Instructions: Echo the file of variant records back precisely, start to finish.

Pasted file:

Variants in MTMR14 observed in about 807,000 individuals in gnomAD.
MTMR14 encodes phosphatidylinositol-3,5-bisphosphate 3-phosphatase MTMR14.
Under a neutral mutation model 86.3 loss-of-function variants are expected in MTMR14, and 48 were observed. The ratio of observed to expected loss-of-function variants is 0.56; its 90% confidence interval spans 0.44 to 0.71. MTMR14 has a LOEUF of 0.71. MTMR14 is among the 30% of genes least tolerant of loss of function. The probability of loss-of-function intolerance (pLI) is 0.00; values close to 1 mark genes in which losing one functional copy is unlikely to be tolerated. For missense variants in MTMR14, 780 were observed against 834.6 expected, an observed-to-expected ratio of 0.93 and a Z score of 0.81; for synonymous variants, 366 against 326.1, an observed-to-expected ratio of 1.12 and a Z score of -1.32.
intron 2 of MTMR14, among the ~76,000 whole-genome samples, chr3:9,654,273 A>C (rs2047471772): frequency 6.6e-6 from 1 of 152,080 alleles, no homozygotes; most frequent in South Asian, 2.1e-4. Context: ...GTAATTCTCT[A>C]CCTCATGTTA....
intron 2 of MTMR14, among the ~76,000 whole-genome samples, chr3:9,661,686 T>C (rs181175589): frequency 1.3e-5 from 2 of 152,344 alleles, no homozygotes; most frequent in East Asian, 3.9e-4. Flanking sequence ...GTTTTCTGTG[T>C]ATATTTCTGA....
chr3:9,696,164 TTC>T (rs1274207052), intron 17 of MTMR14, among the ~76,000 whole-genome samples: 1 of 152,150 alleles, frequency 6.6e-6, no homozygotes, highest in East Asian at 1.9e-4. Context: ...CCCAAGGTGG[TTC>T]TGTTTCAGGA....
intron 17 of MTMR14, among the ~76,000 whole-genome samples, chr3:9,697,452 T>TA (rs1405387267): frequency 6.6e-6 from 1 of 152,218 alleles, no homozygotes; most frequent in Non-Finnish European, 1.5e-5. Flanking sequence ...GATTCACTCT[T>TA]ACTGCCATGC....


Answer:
Variants in MTMR14 observed in about 807,000 individuals in gnomAD.
MTMR14 encodes phosphatidylinositol-3,5-bisphosphate 3-phosphatase MTMR14.
Under a neutral mutation model 86.3 loss-of-function variants are expected in MTMR14, and 48 were observed. The ratio of observed to expected loss-of-function variants is 0.56; its 90% confidence interval spans 0.44 to 0.71. MTMR14 has a LOEUF of 0.71. MTMR14 is among the 30% of genes least tolerant of loss of function. The probability of loss-of-function intolerance (pLI) is 0.00; values close to 1 mark genes in which losing one functional copy is unlikely to be tolerated. For missense variants in MTMR14, 780 were observed against 834.6 expected, an observed-to-expected ratio of 0.93 and a Z score of 0.81; for synonymous variants, 366 against 326.1, an observed-to-expected ratio of 1.12 and a Z score of -1.32.
intron 2 of MTMR14, among the ~76,000 whole-genome samples, chr3:9,654,273 A>C (rs2047471772): frequency 6.6e-6 from 1 of 152,080 alleles, no homozygotes; most frequent in South Asian, 2.1e-4. Context: ...GTAATTCTCT[A>C]CCTCATGTTA....
intron 2 of MTMR14, among the ~76,000 whole-genome samples, chr3:9,661,686 T>C (rs181175589): frequency 1.3e-5 from 2 of 152,344 alleles, no homozygotes; most frequent in East Asian, 3.9e-4. Flanking sequence ...GTTTTCTGTG[T>C]ATATTTCTGA....
chr3:9,696,164 TTC>T (rs1274207052), intron 17 of MTMR14, among the ~76,000 whole-genome samples: 1 of 152,150 alleles, frequency 6.6e-6, no homozygotes, highest in East Asian at 1.9e-4. Context: ...CCCAAGGTGG[TTC>T]TGTTTCAGGA....
intron 17 of MTMR14, among the ~76,000 whole-genome samples, chr3:9,697,452 T>TA (rs1405387267): frequency 6.6e-6 from 1 of 152,218 alleles, no homozygotes; most frequent in Non-Finnish European, 1.5e-5. Flanking sequence ...GATTCACTCT[T>TA]ACTGCCATGC....